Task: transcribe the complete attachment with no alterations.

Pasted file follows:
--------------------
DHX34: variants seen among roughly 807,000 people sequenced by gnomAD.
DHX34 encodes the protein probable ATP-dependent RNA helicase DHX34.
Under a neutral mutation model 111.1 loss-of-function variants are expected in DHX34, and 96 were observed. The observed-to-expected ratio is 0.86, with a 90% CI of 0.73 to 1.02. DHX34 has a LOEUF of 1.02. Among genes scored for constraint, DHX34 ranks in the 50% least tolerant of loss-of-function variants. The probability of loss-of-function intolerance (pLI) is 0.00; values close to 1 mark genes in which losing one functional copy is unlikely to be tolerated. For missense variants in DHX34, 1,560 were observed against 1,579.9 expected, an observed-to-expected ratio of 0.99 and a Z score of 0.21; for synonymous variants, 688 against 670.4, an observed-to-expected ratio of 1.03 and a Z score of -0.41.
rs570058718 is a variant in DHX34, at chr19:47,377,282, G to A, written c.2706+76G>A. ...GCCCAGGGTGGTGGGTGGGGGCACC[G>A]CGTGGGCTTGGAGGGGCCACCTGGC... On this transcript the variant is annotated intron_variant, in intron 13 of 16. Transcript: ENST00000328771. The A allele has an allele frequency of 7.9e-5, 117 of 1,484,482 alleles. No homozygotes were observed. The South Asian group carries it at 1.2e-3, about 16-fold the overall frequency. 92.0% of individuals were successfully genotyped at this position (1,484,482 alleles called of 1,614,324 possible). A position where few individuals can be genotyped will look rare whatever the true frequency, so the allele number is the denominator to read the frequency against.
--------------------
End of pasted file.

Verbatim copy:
DHX34: variants seen among roughly 807,000 people sequenced by gnomAD.
DHX34 encodes the protein probable ATP-dependent RNA helicase DHX34.
Under a neutral mutation model 111.1 loss-of-function variants are expected in DHX34, and 96 were observed. The observed-to-expected ratio is 0.86, with a 90% CI of 0.73 to 1.02. DHX34 has a LOEUF of 1.02. Among genes scored for constraint, DHX34 ranks in the 50% least tolerant of loss-of-function variants. The probability of loss-of-function intolerance (pLI) is 0.00; values close to 1 mark genes in which losing one functional copy is unlikely to be tolerated. For missense variants in DHX34, 1,560 were observed against 1,579.9 expected, an observed-to-expected ratio of 0.99 and a Z score of 0.21; for synonymous variants, 688 against 670.4, an observed-to-expected ratio of 1.03 and a Z score of -0.41.
rs570058718 is a variant in DHX34, at chr19:47,377,282, G to A, written c.2706+76G>A. ...GCCCAGGGTGGTGGGTGGGGGCACC[G>A]CGTGGGCTTGGAGGGGCCACCTGGC... On this transcript the variant is annotated intron_variant, in intron 13 of 16. Transcript: ENST00000328771. The A allele has an allele frequency of 7.9e-5, 117 of 1,484,482 alleles. No homozygotes were observed. The South Asian group carries it at 1.2e-3, about 16-fold the overall frequency. 92.0% of individuals were successfully genotyped at this position (1,484,482 alleles called of 1,614,324 possible). A position where few individuals can be genotyped will look rare whatever the true frequency, so the allele number is the denominator to read the frequency against.